“We definitely don’t think this is our only shot at [a title],” said Thompson.  “This team is no fluke, and not a one-year wonder.  If there’s a move that can improve our chances in the short term, I’d be interested.  But we have a foundation that will let us contend for years to come.  I wouldn’t want us to jeopardize that.  I’m not just thinking about this year.”

Shockers Dealt Tough Loss Amid Tight West Race

At the midway point of the season, both the East and West divisions are more competitive than usual.  Four clubs in each division have a real shot at the playoffs; on the flip side, no team is so dominant that their postseason trip is essentially certain.  It’s anybody’s game, and that’s exciting for the fans, as almost every game has potential playoff ramifications.

On the other hand, it can be frustrating for the teams, especially when stretches of strong play don’t create any separation in the standings.  And when a team suffers a particularly tough loss, it stings even more knowing that the line between making the playoffs and watching them on TV appears so thin.

Just ask the Saskatchewan Shockers.  Under the guidance of new coach Morris Thompson, they’re playing smart, strong, disciplined hockey.  They’ve posted their best first-half record ever.  And yet, they’re mired in fourth place, remaining close but agonizingly far for a playoff spot.  Sasktchewan’s precarious position made Thursday’s mystifying loss, in which they played well against the Hershey Bliss only to lose in a 5-0 blowout, a truly bitter pill to swallow.

“I know it’s weird to say this about a game we lost by 5, but I thought we were the better team in a lot of the game,” said Shockers LW Troy Chamberlain.  “This game was just really weird.”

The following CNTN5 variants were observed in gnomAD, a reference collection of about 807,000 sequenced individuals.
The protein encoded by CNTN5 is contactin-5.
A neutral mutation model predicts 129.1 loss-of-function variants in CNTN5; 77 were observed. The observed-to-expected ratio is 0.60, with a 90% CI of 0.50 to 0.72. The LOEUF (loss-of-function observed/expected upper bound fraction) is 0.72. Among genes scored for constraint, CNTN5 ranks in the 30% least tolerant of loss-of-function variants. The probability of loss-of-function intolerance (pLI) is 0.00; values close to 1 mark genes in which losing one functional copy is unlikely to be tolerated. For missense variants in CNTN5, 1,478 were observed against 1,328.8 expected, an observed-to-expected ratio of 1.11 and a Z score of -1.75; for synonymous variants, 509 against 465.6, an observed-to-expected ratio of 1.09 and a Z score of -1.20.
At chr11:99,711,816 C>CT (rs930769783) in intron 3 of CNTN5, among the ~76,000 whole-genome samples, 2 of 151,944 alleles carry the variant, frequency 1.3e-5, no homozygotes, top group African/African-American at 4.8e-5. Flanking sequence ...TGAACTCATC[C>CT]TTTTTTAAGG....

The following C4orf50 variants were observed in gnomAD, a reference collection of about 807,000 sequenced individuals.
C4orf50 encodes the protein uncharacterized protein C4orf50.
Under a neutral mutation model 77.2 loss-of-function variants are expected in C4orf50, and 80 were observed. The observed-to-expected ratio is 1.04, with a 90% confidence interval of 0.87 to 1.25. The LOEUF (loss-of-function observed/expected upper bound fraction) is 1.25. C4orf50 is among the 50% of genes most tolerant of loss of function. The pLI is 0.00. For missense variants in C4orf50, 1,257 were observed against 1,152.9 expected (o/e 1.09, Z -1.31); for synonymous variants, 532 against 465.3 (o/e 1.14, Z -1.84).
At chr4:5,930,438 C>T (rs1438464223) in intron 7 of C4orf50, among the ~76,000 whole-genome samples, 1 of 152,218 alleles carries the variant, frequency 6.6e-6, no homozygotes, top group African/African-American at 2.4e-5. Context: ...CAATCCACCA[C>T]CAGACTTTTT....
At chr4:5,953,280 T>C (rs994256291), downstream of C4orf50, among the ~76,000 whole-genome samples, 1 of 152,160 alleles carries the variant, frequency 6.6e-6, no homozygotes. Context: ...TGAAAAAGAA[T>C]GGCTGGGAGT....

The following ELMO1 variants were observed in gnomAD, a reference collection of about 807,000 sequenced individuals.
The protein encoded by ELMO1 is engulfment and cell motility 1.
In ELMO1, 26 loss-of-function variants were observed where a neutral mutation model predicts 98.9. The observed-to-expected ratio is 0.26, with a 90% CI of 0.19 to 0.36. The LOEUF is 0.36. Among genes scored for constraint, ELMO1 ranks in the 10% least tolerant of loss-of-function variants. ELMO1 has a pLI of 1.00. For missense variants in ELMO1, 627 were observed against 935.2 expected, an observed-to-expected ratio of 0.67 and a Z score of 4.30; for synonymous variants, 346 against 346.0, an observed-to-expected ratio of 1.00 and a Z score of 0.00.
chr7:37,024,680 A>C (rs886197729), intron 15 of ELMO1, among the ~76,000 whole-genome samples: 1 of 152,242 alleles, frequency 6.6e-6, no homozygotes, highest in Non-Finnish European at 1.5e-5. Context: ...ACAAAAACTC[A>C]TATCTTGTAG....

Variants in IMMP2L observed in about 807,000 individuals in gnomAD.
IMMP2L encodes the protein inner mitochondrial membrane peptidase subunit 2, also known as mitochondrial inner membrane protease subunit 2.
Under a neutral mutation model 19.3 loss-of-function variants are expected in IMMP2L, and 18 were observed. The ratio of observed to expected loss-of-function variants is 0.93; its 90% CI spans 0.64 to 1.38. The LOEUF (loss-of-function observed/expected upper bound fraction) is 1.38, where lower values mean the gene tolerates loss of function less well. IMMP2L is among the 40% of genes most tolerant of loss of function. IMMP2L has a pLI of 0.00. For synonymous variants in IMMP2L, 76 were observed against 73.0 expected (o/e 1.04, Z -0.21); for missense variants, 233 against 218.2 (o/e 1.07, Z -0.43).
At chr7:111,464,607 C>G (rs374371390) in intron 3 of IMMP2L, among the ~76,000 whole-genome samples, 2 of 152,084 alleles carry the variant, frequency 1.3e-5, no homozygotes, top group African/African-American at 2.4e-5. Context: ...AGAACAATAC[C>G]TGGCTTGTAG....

It’s hard to say whether Chamberlain’s claim that Saskatchewan was “the better team” holds water, but they definitely dominated the first period.  The Shockers came out firing, dictating the pace of play.  Aided by a pair of power plays, they outshot the Bliss 19-11.  “I thought we should have been up 2-0 or 3-0 after that,” said Chamberlain.

Instead, the game remained scoreless, thanks to Hershey goalie Brandon Colt.  He isn’t usually considered among the league’s top goalies, but he played like one on Thursday.  He made a dramatic kick-out save on a power-play blast by Chamberlain, bringing the crowd at Chocolate Center to its feet.  He also made a brilliant stop in the closing minutes of the period, robbing C Elliott Rafferty on a breakaway.  The Shockers also suffered some poor luck; on their two power plays in the period, they rang three shots off the posts.

Saskatchewan again got the better of the play to start the second, only to see Colt stymie them again and again.  Just after the nine-minute mark of the period, the Shockers got their third power play of the night when Bliss C Vance Ketterman was whistled for cross-checking.  Saskatchewan failed to convert yet again, managing only one shot, and the momentum seemed to shift toward the home team.

The game remained scoreless until late in the second.  With 2:31 remaining, Hershey RW Noah Daniels deflected a blast from D Steve Cargill and bounced it past Shockers goalie Zeke Zagurski into the net.  It was a fluke goal, but after seeing so many of their shots stopped, spirits sagged on the Saskatchewan bench.

“We couldn’t understand how we were losing when we’d played so much better,” said Rafferty.

In the third, the Shockers pushed hard in the early going, only to come up empty yet again.  Bliss C Justin Valentine banged home a rebound just until 7 minutes in to make it 2-0.  D Bruce Minnik went to the sin bin a couple minutes later, giving Saskatchewan its fourth power play of the game.  By this time, the Shockers were stressing out, shanking shots left and right and missing out on quality chances.

Twenty second after the power play ended, Bliss LW Lance Sweet and RW Christopher Hart broke out on an odd-man rush, and Hart beat Zagurski to give Hershey a three-goal edge.

The dam seemed to burst after that; the Shockers all but gave up, and Hershey scored twice more before the game mercifully ended.